How Retailers Can Navigate the Fraud Minefield

You’d suppose that consumers would be pleased to know their retailer is trying to prevent them from becoming the victim of fraud – such as hackers that access the personal details – but, in fact, you’d be only half right.

Naturally, you would be thrilled if the retailer stopped a miscreant half a world away from putting a high tab on your stolen payment information. However, if the transaction is refused for an important purchase you are in fact making, ‘thrilled’ would be about the last word that came to mind.

Therein lies the problem for anyone engaged in fraud detection. Looked at from the perspective of the customer experience, there’s a very fine line between getting it right and getting it very wrong. Moreover, you generally get it right only when you’ve really stopped a fraudulent transaction from taking place, but there are so many ways to get it wrong.

Pay at the Pump

Consider the following scenario: Your customer is about to make a large purchase but he or she has not told you about doing so. Suddenly, your fraud detection system is picking up a purchase that looks off.

Is it fraud or not fraud and how do you know? You could block the transaction, but when it is your customer trying to refuel their car by so doing you’re providing just the opposite kind of customer experience that you strive to provide. Moreover, your brand suddenly moves from top of wallet to that dark, ignominious place reserved for smaller purchases. Yet if you don’t block the transaction and it’s not your customer, then it’s not an experience you want to embrace.

Should word get out that you failed to detect and stop this fraud, your credibility and reputation as a retailer will suffer. Clients will find themselves wondering whether their information is safe with you. Should they start asking that question, it may be only a matter of time before their activities move to another retailer that they perceive as more credible.

Making the Call

What if, instead of blocking the transaction, you reached out and called your customer on her registered cellphone number. You can ask if she’s about to make a large transaction and if she says ‘yes’, you can ask for her verification details. Provided her answers give you confidence that she’s the one trying to do the purchase, then you let the transaction proceed without interruption. Surely this would be seen as great customer service and more proactive fraud protection.

However that policy can backfire too. Customers generally don’t like the idea that you’re scrutinising every purchase they make. That can feel more intrusive than vigilant – creepy rather than protective. Your zeal could actually become a liability no less damaging than the suspicion that you’re not zealous enough.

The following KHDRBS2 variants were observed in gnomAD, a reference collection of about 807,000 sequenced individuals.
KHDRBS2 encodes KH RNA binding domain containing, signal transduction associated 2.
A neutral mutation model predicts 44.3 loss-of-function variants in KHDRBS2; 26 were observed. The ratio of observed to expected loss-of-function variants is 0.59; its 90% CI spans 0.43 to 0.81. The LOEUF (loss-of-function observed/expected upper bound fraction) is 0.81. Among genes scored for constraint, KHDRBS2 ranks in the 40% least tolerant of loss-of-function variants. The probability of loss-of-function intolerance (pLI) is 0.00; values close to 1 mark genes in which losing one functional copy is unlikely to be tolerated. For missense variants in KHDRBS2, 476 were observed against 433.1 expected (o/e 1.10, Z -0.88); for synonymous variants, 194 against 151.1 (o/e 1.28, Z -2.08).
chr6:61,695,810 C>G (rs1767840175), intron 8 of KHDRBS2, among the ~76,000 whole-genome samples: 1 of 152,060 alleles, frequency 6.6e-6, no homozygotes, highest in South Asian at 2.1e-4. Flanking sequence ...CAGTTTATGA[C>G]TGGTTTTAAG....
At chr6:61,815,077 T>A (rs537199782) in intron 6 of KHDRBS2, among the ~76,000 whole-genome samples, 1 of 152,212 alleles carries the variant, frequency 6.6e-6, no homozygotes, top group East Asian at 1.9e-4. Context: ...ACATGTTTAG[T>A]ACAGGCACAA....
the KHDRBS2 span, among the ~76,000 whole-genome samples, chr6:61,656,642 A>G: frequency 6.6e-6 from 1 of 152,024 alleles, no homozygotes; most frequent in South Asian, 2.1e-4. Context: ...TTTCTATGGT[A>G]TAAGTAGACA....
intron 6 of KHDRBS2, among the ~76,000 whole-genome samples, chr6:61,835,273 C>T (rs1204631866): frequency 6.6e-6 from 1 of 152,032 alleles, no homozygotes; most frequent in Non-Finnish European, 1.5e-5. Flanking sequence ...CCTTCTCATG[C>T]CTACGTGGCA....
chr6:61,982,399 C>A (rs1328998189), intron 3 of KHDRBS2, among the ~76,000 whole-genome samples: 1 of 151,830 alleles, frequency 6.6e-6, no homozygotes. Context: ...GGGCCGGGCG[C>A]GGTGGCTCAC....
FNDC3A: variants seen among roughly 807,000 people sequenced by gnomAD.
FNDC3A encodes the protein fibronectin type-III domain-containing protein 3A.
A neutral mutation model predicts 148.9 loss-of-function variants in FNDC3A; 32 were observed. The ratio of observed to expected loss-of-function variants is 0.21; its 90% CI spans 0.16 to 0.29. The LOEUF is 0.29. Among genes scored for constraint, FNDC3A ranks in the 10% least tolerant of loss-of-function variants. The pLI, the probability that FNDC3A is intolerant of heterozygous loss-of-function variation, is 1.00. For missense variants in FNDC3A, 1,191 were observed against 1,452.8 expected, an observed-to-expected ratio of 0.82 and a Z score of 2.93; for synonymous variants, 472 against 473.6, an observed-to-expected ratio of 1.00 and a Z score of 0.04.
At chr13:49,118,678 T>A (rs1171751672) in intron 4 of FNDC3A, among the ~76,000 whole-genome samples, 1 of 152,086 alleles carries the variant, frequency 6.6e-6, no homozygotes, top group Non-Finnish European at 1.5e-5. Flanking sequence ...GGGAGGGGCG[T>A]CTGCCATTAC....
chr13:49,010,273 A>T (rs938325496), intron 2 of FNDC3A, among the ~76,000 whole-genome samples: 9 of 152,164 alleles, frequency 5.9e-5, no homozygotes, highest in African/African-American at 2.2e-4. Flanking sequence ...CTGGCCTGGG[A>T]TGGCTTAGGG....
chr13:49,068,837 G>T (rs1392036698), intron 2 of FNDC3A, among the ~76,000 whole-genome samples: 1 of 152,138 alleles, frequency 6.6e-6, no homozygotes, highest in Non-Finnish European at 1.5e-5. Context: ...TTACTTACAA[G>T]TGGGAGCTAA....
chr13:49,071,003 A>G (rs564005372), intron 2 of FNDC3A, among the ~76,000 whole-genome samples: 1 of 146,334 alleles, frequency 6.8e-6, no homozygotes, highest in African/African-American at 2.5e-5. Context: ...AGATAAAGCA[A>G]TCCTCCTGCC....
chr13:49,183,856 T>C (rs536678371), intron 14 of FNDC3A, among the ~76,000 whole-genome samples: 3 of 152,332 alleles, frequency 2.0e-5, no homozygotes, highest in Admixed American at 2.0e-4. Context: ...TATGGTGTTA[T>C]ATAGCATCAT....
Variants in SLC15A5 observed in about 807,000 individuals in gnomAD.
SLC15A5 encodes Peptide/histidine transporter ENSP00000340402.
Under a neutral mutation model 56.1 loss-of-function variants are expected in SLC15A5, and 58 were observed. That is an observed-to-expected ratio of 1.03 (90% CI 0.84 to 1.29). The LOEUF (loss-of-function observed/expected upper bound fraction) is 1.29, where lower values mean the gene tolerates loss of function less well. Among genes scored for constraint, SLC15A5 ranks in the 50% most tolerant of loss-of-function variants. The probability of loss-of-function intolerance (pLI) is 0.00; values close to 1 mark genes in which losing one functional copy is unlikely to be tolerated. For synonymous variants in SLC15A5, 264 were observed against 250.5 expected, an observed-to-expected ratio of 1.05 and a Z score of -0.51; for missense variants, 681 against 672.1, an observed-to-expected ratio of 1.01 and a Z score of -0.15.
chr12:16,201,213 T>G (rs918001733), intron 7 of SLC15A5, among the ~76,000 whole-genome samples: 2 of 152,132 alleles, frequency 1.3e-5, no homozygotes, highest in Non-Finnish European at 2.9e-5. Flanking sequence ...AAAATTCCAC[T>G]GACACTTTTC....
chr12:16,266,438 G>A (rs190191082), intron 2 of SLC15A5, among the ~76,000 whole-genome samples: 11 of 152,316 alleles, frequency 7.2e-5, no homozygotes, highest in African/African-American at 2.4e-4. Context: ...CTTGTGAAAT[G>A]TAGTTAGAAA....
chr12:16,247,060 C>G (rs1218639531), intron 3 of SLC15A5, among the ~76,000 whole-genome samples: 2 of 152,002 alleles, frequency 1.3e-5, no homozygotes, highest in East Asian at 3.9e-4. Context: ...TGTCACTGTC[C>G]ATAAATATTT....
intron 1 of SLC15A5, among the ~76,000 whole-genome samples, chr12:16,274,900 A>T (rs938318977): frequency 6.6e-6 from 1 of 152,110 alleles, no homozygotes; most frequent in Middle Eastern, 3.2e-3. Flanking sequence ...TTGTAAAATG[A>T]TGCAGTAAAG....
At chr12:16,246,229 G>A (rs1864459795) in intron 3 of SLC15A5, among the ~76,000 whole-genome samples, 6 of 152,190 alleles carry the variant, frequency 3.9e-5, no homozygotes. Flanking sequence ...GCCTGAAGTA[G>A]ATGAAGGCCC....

So is there a real path through this minefield? There is – the key to fraud prevention lies not in the ability to detect, in near real-time, the events that appear anomalous such as the expensive meals and the distant fuel purchases. Rather, it lies in the ability to analyse, in real-time, information from many different data sources to determine whether an event really is anomalous. The moment the transaction popped up in your transaction processing system, your customer experience management system should have been looking through other data or activity to identify indicators that the customer would be making a large purchase.

The fraud detection system that can perform this kind of multifaceted data analysis – within a second or two of the supposedly anomalous event – is the one capable of making a well-informed decision about whether there’s fraud occurring or not. If all the signs from all the different data feeds indicate that a trip has long been planned for these dates, your systems should be able to determine – with a much higher comfort margin – that the transaction is legitimate. Your job then is to provide an excellent customer experience by making sure the transaction happens as quickly and as smoothly as possible.

However, if instead your systems analyse the data and discover that your client has used the card in three local stores within the last two hours and was complaining about the local weather on Facebook that morning, then you really may have caught a fraud in progress and can phone the customer with a much lower risk of making the wrong call.

At that point, your vigilance is not creepy. At that point, you’ve made the right call.

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